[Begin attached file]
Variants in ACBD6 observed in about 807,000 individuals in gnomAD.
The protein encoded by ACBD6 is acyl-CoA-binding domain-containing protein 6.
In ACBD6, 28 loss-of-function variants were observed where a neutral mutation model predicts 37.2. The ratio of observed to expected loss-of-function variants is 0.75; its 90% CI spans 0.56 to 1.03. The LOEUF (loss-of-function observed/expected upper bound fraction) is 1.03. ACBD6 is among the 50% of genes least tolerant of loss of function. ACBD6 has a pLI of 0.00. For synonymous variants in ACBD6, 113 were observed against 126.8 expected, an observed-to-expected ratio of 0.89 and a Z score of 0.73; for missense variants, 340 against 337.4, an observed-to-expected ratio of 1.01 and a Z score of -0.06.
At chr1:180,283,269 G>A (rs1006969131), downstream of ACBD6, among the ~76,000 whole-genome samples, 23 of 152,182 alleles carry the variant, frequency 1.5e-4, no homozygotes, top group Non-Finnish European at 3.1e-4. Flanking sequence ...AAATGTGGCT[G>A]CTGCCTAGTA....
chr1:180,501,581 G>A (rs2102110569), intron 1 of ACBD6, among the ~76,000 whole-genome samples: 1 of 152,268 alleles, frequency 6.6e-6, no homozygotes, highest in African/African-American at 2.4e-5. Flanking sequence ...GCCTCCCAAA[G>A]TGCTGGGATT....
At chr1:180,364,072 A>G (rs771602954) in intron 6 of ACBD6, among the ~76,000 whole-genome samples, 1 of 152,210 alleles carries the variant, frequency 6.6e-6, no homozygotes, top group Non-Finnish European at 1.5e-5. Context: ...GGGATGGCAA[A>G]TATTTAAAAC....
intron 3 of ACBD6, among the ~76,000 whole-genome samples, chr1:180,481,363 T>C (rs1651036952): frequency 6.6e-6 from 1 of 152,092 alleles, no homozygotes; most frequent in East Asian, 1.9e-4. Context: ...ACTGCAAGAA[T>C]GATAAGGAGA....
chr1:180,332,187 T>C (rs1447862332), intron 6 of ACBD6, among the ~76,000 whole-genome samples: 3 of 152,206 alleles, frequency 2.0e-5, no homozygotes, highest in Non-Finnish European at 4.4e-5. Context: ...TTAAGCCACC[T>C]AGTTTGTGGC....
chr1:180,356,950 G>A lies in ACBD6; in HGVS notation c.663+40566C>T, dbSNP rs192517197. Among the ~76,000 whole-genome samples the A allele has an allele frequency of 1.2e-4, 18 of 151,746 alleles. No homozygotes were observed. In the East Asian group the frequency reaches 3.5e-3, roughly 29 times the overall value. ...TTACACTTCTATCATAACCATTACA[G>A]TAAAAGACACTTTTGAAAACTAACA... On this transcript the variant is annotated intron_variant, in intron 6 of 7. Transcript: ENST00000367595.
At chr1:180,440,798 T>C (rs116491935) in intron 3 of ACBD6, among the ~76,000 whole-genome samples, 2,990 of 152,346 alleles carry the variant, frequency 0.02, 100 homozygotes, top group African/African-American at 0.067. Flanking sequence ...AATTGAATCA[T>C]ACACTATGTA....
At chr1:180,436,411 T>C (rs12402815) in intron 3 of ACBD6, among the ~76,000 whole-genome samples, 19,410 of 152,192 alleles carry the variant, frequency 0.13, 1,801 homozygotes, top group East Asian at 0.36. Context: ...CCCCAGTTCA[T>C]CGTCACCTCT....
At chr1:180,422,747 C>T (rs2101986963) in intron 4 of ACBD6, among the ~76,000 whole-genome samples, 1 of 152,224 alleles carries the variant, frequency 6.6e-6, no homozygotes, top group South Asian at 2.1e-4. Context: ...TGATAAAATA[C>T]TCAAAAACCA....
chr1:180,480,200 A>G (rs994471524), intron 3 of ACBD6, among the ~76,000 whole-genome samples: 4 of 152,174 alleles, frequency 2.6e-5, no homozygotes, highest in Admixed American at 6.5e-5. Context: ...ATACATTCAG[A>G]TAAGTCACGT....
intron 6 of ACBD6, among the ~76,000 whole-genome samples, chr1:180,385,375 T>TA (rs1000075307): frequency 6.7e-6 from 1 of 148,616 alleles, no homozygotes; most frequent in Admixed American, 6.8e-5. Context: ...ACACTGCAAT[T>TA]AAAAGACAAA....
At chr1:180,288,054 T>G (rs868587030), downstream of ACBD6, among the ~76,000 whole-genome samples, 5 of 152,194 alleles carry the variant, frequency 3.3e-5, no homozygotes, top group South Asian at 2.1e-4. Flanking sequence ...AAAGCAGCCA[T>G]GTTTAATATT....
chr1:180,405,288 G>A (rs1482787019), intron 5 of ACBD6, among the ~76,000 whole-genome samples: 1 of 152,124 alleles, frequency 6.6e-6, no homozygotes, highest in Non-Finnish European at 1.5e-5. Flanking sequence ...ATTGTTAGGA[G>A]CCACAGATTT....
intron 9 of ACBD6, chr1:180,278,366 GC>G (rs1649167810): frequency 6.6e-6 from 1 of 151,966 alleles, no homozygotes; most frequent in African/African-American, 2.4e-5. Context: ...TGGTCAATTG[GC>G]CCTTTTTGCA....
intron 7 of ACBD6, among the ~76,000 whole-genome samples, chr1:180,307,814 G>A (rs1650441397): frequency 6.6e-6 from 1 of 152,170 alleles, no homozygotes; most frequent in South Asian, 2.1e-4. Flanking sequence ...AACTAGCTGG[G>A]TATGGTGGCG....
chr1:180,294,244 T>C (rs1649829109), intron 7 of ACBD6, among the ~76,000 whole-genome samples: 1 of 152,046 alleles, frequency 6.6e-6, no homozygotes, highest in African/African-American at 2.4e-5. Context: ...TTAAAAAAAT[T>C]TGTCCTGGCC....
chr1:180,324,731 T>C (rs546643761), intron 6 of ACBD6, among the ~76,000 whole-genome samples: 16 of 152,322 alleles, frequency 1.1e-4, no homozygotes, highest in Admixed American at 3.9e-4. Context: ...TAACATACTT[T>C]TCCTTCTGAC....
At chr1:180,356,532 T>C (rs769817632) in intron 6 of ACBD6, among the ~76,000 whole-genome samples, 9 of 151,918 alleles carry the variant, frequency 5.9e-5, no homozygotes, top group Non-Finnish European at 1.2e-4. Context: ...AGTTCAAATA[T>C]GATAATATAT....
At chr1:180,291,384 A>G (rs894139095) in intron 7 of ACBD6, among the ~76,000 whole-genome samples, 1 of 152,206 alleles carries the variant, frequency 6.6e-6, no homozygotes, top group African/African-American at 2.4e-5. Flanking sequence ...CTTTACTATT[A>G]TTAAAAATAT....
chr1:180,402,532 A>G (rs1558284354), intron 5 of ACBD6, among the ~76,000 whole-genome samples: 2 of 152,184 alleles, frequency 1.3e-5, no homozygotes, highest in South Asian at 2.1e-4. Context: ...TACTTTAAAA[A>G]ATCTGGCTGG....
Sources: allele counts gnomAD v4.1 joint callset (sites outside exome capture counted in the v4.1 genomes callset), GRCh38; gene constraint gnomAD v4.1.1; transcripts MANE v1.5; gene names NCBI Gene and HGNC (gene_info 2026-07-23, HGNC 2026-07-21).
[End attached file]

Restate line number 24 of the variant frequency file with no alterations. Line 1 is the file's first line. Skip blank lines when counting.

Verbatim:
Sources: allele counts gnomAD v4.1 joint callset (sites outside exome capture counted in the v4.1 genomes callset), GRCh38; gene constraint gnomAD v4.1.1; transcripts MANE v1.5; gene names NCBI Gene and HGNC (gene_info 2026-07-23, HGNC 2026-07-21).